With the pending tax proposal from Finance Minister Morneau, Canadians may need a tax haven.
The US is the most commonly overlooked tax haven opportunity for Canadians. Throughout the book A Canadian’s Best Tax Haven: The US – Take Your Money and DRIVE!, this phrase is used to describe the laypersons definition of an ideal Tax Haven:
“An ideal tax haven is any country to which Canadians can easily move to achieve a preferred lifestyle whether it is better climate, lower taxes, or combination of both. This country will provide a lower overall individual cost of living by taking into consideration all factors such as food, accommodation, travel and including income tax, which will be less or substantially less than their current Canadian lifestyle costs. This country will still allow them to have the benefit of all of their Canadian family and social relationships while living in their preferred residence.”
A very important factor in choosing a place to live, is to find one which allows you to improve upon your existing relationships to the extent desired and to live your preferred lifestyle.
This ease of travel to and from the US should not be underestimated. One of the biggest complaints Canadians have going to one of the traditional tax haven islands is that in most cases their only options are to fly with sometimes more than one connecting flight on a puddle-jumper aircraft. These limited travel options are exacerbated when there’s a medical emergency, particularly if the patient’s not able to travel by air to the US or to Canada to get potentially lifesaving medical assistance.
The Disadvantages of Traditional Tax Havens
The following list discusses some of the disadvantages of traditional tax havens:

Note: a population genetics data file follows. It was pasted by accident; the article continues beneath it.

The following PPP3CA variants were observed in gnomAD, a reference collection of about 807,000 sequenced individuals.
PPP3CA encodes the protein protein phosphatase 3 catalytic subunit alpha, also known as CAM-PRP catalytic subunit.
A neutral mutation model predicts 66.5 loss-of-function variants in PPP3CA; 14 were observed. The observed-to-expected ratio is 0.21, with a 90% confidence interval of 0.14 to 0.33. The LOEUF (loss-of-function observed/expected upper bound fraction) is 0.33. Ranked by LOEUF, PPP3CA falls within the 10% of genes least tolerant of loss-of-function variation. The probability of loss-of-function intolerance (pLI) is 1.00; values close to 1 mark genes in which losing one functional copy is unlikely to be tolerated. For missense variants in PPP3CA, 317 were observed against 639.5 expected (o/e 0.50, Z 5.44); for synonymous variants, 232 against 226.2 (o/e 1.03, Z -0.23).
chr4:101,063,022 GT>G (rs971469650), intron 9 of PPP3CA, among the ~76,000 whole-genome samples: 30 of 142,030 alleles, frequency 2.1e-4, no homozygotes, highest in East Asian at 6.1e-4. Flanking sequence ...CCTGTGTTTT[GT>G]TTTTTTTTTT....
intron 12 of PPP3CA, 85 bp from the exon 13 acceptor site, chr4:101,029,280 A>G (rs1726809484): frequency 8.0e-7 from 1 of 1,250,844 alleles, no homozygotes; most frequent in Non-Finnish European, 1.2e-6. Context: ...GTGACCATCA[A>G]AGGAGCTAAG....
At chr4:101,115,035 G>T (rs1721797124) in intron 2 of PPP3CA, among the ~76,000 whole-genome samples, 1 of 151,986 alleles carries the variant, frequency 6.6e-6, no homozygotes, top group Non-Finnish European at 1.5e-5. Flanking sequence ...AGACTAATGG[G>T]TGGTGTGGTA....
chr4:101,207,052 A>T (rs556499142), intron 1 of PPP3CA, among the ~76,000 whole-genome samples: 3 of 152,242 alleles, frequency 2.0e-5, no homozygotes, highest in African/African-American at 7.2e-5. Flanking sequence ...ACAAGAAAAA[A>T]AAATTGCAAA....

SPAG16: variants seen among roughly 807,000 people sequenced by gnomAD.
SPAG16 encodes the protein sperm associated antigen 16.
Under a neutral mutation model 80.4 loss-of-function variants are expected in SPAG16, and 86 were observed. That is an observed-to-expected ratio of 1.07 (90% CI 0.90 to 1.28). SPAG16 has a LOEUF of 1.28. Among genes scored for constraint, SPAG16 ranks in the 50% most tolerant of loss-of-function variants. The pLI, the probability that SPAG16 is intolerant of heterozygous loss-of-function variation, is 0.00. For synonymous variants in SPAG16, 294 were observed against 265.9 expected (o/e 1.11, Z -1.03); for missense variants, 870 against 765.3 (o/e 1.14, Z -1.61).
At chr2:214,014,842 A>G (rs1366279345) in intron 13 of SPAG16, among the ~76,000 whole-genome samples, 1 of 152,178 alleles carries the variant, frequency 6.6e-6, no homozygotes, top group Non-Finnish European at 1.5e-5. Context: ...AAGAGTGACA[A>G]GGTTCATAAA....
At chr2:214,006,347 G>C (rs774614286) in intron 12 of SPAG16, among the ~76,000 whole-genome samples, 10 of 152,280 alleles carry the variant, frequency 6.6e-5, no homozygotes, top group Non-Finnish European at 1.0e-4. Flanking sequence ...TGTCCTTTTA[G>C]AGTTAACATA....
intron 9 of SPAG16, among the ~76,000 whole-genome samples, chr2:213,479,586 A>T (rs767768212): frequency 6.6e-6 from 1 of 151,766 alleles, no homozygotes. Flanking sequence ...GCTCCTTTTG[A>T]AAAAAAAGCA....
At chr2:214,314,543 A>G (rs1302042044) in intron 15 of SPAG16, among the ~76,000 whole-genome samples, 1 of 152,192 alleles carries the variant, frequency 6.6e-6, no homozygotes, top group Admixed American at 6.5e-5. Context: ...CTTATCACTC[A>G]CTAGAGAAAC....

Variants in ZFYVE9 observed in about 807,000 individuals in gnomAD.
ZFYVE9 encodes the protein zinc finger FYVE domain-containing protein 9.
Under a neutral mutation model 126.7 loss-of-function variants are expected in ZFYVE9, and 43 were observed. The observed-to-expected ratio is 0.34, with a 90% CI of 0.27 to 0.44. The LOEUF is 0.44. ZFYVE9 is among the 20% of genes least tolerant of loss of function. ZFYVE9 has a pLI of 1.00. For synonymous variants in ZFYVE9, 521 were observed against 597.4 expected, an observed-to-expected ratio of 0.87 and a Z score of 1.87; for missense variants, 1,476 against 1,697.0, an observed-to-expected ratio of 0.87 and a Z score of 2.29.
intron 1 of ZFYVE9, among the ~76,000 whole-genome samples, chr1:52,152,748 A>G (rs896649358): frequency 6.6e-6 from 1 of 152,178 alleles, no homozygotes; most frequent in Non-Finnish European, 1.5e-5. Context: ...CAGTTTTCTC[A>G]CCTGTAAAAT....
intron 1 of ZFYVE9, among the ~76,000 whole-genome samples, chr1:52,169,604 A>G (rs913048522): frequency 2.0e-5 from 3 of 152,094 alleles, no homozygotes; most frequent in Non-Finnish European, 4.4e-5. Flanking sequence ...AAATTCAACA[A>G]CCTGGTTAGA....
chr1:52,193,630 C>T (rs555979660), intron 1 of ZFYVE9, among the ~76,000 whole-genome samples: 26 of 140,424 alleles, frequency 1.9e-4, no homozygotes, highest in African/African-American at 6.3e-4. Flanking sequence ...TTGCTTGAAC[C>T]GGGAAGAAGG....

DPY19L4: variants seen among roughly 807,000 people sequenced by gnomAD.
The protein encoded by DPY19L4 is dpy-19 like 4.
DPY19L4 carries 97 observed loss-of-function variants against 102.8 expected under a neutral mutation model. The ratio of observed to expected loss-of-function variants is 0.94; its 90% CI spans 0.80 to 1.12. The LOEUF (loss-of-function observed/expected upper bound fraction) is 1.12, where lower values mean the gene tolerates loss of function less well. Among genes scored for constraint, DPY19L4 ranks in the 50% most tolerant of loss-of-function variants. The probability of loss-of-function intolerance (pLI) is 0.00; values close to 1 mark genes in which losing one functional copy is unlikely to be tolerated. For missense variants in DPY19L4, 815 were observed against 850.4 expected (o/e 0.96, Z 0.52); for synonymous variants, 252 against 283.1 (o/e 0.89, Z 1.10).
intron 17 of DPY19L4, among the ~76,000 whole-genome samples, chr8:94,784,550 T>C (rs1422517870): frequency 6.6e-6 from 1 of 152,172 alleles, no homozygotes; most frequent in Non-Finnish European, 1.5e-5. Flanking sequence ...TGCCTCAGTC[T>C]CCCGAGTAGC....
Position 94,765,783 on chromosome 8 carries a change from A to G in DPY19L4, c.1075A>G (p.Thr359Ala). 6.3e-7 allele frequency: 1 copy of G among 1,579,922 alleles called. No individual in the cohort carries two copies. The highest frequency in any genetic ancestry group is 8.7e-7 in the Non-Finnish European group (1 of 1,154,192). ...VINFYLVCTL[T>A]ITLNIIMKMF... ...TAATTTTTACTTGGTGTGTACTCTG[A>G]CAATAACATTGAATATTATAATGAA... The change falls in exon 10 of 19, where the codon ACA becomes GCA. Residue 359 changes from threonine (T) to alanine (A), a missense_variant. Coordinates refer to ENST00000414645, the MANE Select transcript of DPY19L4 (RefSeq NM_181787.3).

- Any personal relationships with family or friends are bound to suffer with the traditional tax-haven strategy, because of the geography of living on an island in the middle of nowhere, or bouncing around from port to port on a yacht attempting to keep ahead of the proverbial tax man.
- The assumption that there are no taxes in offshore jurisdictions is a myth.
- Canadian dividends and trust income originating in Canada face Canadian withholding taxes at 25 percent.
- There is a 30 percent withholding tax from the IRS for US-sourced dividends and similar income.
- Switzerland takes 35 percent withholding on trust income and dividends for residents of tax havens with no treaty protection.
- Canada’s Old Age Security (OAS) is subject to the 100 percent claw-back tax rate and/or nonresident withholding tax of 25 percent that can reduce this pension to zero for both spouses. This one tax alone can produce a potential loss of more than $13,000 a year for a couple.
- Canada Pension Plan (CPP) and other pensions are subject to a 25 percent nonresident withholding tax.
- RRSP and RRIF income as a nonresident is also subject to the 25 percent nonresident withholding.
- Before departing Canada, you are subject to a departure or exit tax on the day you leave Canada on certain taxable Canadian assets that have unrealized capital gains and yet-to-be-taxed capital gains. Although these taxes can be deferred by giving the CRA suitable collateral, there is a great deal of paperwork and hassle to deal with these exit taxes effectively.
- Food and housing costs on islands are higher than in the US or Canada. Also, the selection and availability of foods and other consumer goods are much more limited. This cost-of-living increase reduces and often negates potential tax savings of traditional tax havens and the lack of choice noticeably reduces your lifestyle enjoyment.
- Simple things such as setting up bank accounts and credit cards become surprisingly complex when trying to do it through an offshore tax haven.
To look into reducing your taxes and improving your cross-border lifestyle, click this link: http://www.keatsconnelly.com/contact-us/